We've all heard it a zillion times now: recovering from a recession caused by a financial crisis takes longer than recovering from a "normal" recession. For most of us, recessions have been V-shaped. We go down quick. After a couple nasty quarters, we're headed back up. Wow, sure are things different now. The current recession began in the fourth quarter of 2007. And while the recession was officially over by mid-2009, this recovery sure feels like a recession.
I'm not an economist either, but Alex talks about seeing an increase in innovation. Many say that's the sign to look for. The pick-up in innovation is dawn's first light in a substantial recovery. If that's so, bye-bye double dip.
I agree with your take, Rob, and with Alex's inclination to not go down the path of panic and doom and gloom. While I can't say I'm exactly optimistic, it seems like if you look at the numbers around manufacturing and company's financials, the picture isn't all that bad, especially in the context of Rob's points about a U-shaped, slower recovery being more the norm after a recession caused by financial crisis. Maybe along with putting our nose to the grindstone and focusing on work, we should all try to see the positive. Half the battle with this on-going economic dulldrums is perception.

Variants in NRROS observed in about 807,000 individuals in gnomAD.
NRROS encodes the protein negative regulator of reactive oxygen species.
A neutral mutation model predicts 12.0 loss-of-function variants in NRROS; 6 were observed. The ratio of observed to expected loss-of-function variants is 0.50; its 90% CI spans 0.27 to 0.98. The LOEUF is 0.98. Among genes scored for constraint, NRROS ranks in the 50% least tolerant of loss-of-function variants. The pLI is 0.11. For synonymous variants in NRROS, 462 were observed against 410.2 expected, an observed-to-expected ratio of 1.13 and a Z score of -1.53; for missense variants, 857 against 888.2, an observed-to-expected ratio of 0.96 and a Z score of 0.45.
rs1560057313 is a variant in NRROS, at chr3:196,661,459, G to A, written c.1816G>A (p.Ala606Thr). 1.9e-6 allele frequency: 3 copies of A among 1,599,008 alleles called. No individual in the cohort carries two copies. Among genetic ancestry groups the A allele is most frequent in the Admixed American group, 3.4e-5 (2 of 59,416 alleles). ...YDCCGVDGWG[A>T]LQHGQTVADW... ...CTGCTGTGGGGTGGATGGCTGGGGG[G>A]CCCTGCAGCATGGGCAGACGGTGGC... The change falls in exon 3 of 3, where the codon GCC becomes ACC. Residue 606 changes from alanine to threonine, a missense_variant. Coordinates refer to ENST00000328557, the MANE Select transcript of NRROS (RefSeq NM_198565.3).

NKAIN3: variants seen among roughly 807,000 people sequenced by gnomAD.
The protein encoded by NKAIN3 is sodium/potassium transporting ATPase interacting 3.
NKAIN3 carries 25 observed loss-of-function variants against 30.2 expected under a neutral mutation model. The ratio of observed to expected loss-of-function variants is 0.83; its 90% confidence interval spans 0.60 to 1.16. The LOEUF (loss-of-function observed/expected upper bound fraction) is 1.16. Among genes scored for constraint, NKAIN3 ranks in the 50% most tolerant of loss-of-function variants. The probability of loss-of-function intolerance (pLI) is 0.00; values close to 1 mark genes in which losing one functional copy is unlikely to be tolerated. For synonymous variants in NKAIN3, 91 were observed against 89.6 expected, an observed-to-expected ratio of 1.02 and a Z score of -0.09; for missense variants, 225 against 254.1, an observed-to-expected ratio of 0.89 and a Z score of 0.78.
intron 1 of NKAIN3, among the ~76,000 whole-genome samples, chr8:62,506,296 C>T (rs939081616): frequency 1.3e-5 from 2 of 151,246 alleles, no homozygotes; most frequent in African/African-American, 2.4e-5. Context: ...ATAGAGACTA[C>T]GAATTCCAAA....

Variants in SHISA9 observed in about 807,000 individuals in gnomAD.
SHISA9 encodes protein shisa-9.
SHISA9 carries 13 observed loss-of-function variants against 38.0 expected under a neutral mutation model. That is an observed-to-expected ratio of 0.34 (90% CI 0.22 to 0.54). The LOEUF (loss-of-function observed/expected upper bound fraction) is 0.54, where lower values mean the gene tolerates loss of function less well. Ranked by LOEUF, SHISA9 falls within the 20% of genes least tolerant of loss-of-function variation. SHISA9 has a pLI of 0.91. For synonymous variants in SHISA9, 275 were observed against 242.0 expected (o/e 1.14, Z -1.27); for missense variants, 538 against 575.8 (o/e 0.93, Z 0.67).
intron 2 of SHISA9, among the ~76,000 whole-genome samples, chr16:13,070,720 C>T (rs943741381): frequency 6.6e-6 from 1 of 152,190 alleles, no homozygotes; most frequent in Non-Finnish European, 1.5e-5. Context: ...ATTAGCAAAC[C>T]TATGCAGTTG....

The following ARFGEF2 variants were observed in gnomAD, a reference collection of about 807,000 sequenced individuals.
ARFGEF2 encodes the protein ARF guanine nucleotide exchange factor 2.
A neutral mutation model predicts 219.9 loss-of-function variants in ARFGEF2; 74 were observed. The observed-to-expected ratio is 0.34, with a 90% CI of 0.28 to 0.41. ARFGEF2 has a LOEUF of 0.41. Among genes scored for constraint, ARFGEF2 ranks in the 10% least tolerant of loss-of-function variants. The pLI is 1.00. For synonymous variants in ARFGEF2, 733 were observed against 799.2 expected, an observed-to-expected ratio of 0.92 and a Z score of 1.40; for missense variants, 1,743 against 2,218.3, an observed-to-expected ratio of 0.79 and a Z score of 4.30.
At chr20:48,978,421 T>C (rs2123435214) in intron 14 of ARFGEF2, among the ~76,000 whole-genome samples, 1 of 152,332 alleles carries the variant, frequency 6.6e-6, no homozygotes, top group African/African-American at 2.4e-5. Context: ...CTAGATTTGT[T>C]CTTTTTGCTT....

It may take a government effort to get jobs moving. Why not fund a real project, say to DESIGN and BUILD the prototype next generation nuclear reactor, with the caveat that the company also consider it a CCC-style jobs project?
Pick one that is "for the common good", and build it. Not "unemployed retraining". MAKE something.
Alex, I like your Point/Counter-Point argument, and find myself nodding quietly in agreement with both extremes. Because things are so turbulent, nothing is going work - - - at least at the moment.
To the Counter-Point; we are in a saw-tooth economic market; up 300 points one day and down 250 the next. Who can blame any company for not investing in equipment or expanding staff if they think their stock could face a potential slashing on any given day-?Wall Street investors are as unstable as a school of herring, darting "to-n-fro" on only the slightest information.